An Iranian diplomat was taken into custody in Belgium on Wednesday on suspicion of involvement in an alleged plot to bomb an Iranian opposition rally in France.
An investigating magistrate earlier questioned the Iranian, normally based in Vienna, in the northern Belgian city of Antwerp, the Federal Prosecutor’s Office said in a statement.
Prosecutors said Tuesday that the suspect, previously identified as Assadollah Assadi, had been extradited to Belgium from Germany.
Iran has denied French accusations that one of its diplomats was involved in a plot targeting an annual gathering of the National Council of Resistance of Iran (NCRI) on June 30 just outside Paris.
Belgian anti-terrorism prosecutors announced on July 2 that they had foiled the plot. They then requested the extradition of both Assadi and a man identified as Merhad A., who was detained in Paris.
Belgian police believe Merhad A. is an accomplice of a husband and wife team caught in Brussels in possession of 500 grams (about a pound) of the powerful explosive TATP and a detonator.
All three are Belgian nationals of Iranian origin.
The suspected plan to target a gathering of the NCRI organized by dissident group The People’s Mujahedeen of Iran (MEK) in a Paris suburb came to light a few days after the event.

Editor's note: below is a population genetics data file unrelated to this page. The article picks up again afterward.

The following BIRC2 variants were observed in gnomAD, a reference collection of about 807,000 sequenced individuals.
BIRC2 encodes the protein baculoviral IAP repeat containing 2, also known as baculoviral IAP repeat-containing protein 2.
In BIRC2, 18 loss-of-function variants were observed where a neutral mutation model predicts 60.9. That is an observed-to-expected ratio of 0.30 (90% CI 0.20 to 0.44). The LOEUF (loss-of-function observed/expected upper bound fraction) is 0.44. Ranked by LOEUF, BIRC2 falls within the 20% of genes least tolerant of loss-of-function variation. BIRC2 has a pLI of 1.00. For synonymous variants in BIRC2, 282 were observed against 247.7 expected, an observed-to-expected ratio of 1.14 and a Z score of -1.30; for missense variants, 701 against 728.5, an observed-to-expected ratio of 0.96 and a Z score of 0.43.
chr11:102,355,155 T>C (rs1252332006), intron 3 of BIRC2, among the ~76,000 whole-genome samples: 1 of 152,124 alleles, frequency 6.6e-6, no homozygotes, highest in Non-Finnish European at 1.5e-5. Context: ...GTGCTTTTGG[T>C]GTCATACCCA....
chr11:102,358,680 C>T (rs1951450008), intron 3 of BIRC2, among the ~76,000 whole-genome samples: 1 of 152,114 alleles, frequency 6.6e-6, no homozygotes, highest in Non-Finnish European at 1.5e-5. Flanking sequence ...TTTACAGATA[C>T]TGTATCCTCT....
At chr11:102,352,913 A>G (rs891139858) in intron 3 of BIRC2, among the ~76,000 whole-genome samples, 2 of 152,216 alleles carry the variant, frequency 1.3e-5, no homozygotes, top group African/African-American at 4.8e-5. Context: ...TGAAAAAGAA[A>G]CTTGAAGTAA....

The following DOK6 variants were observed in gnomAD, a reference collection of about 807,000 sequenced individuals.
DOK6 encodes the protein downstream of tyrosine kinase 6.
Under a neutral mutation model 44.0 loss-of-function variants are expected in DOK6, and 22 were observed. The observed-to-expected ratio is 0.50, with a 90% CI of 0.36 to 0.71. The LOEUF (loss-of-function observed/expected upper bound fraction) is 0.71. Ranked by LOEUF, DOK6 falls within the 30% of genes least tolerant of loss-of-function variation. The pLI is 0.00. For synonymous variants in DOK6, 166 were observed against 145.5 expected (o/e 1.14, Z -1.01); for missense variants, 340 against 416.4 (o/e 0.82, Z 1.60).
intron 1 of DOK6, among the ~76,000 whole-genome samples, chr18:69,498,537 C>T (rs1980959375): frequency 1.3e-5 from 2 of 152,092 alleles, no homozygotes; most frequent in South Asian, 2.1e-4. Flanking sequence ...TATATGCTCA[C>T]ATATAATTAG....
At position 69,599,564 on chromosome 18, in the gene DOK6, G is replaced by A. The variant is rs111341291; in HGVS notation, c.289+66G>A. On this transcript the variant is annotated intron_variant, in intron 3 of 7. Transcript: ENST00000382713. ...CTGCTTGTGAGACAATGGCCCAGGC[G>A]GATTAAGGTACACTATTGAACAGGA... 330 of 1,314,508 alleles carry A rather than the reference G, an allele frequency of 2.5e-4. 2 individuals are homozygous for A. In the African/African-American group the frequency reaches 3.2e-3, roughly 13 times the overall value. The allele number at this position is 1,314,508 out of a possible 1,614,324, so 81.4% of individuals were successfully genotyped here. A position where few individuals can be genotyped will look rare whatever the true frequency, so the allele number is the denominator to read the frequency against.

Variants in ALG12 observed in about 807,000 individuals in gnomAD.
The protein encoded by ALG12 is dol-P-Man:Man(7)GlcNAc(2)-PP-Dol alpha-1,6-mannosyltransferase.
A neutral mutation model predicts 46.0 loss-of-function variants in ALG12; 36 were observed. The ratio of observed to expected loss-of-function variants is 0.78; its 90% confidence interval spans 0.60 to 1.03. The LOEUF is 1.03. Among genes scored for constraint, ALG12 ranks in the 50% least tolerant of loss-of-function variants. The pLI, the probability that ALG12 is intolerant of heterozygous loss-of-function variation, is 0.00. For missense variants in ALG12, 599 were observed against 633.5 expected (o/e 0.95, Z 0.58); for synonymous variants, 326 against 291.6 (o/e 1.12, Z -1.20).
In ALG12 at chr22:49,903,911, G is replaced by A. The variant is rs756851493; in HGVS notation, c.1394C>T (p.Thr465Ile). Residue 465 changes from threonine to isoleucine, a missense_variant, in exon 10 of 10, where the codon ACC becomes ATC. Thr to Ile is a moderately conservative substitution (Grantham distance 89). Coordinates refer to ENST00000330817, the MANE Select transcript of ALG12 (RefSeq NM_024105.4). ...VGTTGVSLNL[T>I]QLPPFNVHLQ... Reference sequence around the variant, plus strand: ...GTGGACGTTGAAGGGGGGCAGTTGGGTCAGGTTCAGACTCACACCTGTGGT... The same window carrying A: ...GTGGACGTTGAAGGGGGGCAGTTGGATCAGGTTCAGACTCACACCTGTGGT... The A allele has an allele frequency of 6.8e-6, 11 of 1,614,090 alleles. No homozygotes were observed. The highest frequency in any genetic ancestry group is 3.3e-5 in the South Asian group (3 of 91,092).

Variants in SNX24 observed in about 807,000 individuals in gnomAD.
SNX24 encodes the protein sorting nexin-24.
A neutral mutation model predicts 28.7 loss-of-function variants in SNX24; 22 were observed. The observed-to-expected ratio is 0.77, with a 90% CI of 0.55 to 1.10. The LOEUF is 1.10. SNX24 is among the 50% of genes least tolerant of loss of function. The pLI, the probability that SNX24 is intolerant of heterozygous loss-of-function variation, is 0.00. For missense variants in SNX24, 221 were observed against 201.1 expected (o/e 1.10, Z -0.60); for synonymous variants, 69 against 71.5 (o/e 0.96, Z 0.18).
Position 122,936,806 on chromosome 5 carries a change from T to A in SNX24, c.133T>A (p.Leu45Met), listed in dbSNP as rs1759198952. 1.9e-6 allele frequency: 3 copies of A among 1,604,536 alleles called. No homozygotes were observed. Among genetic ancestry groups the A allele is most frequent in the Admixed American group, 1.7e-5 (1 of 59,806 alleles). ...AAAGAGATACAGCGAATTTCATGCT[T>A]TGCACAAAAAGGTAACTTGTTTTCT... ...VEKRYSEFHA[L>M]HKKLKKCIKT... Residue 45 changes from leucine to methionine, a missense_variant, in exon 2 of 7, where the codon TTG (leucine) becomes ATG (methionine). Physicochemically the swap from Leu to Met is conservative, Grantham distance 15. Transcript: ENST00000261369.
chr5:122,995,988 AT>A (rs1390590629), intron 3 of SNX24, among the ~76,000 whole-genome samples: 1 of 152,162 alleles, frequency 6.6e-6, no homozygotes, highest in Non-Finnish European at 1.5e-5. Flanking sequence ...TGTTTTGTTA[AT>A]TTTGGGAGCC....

Hebrew media reported earlier this year that the plot was thwarted by Israel’s Mossad spy agency.
Six people were arrested in Belgium, France, and Germany, two of whom were later released.
German prosecutors say Assadi, believed to be an intelligence agent, ordered a couple to attack the rally and had handed them the explosives at a June meeting in Luxembourg.
Tehran has dismissed the alleged bomb plot as a “sinister false flag ploy” designed to discredit Iran at a time when it faces major diplomatic tensions with the United States.
The rally in the Paris suburb of Villepinte was attended by several allies of US President Donald Trump, including former New York mayor Rudy Giuliani and former House speaker Newt Gingrich, both of whom urged regime change in Iran.
The MEK, formed in the 1960s to overthrow the shah of Iran, fought the rise of the mullahs in Tehran following the 1979 Islamic revolution.
It earned itself a listing as a “terrorist organization” by the US State Department in 1997 and was only removed from terror watchlists by the European Union in 2008 and by Washington in 2012.